The crucial component for a successful simulation is the hydrological cycle, which is notoriously difficult to simulate. Water vapour is the most important greenhouse gas, and its reduction in level contributes significantly to the global cooling of 6.2 °C in Ganopolski and colleagues' model. This is colder than the usually accepted estimates of about 4 °C, but it is consistent with recent reconstructions of significantly lower temperatures for the LGM at high and low latitudes5,6,7.

The hydrological cycle also influences the circulation of the deep ocean. Changes in patterns of evaporation and precipitation determine the location of deep-water formation and the mix of waters from northern and southern origin in the North Atlantic8. Reduction in high-latitude precipitation, and an even bigger decrease in evaporation due to a larger extent of the ice cover in the northern North Atlantic (the ice margin moves from 75° N to 55° N in the model), mean that a surface freshwater anomaly can develop; in consequence, the area of deep-water formation in the North Atlantic also moves about 20° south. The density of the sinking waters is reduced, with the consequence that they penetrate less deeply. In this way, water masses of southern origin can extend far north in the Atlantic basin and fill much of the deep Atlantic. This meridional shift in the distribution of water mass below 1,000 m, seen in the model, is consistent with palaeoceanographic evidence from stable carbon isotope measurements on benthic foraminifera9.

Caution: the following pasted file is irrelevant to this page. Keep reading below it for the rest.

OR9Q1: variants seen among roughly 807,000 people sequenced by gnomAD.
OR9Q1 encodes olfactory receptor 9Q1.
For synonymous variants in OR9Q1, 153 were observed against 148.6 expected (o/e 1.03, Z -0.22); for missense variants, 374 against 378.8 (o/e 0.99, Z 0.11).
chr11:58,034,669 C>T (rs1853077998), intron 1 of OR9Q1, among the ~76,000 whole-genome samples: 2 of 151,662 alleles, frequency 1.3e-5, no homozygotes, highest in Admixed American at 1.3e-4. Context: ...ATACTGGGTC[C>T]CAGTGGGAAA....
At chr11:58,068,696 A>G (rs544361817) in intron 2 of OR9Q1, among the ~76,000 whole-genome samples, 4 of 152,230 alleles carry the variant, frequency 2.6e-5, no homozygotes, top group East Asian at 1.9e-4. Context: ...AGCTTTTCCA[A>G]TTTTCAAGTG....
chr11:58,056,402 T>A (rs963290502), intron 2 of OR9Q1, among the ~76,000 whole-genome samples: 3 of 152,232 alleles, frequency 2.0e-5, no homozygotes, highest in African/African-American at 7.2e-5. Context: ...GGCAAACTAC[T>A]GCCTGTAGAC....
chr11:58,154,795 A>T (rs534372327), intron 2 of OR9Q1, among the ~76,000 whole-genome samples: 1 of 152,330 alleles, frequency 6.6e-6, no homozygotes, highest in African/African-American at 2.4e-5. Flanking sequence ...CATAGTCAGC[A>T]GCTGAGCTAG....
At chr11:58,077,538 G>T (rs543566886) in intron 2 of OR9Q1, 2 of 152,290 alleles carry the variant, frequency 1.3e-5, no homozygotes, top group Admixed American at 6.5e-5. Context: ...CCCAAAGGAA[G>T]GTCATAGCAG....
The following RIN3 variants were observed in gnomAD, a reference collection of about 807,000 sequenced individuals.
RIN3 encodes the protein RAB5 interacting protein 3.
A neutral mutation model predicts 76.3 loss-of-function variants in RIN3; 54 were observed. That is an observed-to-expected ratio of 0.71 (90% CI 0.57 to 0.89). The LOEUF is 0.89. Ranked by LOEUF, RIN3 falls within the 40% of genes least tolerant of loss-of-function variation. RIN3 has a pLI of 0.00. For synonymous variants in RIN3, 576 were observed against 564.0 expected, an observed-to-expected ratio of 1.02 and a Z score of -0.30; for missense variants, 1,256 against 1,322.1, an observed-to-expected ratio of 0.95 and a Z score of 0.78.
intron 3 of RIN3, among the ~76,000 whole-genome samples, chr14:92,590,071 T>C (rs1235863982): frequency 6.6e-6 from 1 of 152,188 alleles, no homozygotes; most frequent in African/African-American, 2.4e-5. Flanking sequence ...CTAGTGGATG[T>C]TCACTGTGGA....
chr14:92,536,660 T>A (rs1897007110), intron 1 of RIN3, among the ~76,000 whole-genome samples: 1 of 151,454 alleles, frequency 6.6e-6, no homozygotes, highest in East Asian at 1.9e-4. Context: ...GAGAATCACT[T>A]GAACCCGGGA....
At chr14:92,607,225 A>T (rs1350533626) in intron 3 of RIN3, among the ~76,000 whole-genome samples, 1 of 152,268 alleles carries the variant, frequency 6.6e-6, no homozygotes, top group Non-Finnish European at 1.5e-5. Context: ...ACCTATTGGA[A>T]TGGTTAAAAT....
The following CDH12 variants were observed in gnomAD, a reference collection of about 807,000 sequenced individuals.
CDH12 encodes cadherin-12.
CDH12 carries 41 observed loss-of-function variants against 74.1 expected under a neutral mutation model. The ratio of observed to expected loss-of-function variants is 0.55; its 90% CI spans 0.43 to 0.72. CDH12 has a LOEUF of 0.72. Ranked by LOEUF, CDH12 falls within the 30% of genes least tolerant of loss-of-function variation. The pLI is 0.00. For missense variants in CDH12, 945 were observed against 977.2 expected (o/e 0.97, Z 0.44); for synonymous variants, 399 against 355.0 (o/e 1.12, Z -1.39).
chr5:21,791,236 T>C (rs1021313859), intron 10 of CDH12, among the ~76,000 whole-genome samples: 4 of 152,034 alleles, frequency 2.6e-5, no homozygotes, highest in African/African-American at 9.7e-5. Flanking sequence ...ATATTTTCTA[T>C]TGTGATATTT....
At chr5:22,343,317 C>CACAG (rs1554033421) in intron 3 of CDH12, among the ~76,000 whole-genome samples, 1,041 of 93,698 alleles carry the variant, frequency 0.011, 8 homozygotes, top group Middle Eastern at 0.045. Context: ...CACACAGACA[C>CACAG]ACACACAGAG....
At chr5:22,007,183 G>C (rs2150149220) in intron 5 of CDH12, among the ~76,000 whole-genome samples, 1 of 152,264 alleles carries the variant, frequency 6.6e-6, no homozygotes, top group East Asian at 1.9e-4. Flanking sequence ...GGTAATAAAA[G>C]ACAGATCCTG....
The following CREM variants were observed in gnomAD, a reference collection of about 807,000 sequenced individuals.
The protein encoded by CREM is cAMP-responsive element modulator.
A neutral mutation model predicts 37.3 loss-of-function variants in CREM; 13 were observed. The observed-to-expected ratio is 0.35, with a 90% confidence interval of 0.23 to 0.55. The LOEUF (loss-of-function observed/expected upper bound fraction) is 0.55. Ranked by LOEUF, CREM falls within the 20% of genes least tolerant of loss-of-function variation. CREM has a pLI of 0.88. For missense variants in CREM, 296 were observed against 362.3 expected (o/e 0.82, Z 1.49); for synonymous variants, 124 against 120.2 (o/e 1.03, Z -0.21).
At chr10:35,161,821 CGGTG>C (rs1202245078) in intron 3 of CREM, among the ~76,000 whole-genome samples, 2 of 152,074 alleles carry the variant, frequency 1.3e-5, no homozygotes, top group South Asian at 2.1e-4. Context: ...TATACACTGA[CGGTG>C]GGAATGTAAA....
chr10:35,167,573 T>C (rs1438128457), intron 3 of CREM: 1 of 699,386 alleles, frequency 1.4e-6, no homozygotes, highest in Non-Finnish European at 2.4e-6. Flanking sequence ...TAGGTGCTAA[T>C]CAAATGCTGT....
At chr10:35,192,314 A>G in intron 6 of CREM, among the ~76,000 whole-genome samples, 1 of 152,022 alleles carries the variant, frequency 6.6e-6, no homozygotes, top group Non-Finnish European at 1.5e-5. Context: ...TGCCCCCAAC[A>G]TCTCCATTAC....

As well as strengthening our confidence in reconstruction of proxy data, coupled climate models are also crucial in assessing hypotheses on which less complete models are based. Ganopolski et al. find that, during the LGM, the oceanic meridional heat flux in the Atlantic was very different from today. Although this is not surprising (sea-surface temperatures were lower10, and sites of deep-water formation and sea-ice margins moved south), it contradicts recent assumptions used for atmosphere-only models11. The reduction of heat delivery into the North Atlantic by northward-flowing waters is also expected, given the extremely cold temperatures on Greenland during the LGM (ref. 5). This leads to a pronounced asymmetry in cooling for the LGM, with a fall of more than 20 °C in northern polar regions but only 5 °C in the south.

Much remains for palaeoclimatologists and palaeomodellers to do. We need longer data sets with higher time resolution; careful (re-)calibration of proxy indicators; better dating of records, and improved synchronization of records that are located far apart; new analytical techniques; and, not least, coupled low-order and three-dimensional climate models with well-tested parametrizations12.

Figure 1 outlines four areas of the globe where important issues have to be resolved. The time is clearly ripe for another look at CLIMAP10, the last large-scale integrated project to tackle the LGM, one which incorporates the vast amount of palaeoclimatological data accumulated over the past 20 years. Moreover, the ocean interior requires continued attention, and initiatives such as IMAGES (International Marine Global Change Study)13, or the more encompassing PAGES (Past Global Changes)14, are invaluable in this respect. After all, research into Earth's climatic history is a cornerstone of building the better computer models that are so urgently needed to assess what the future may hold.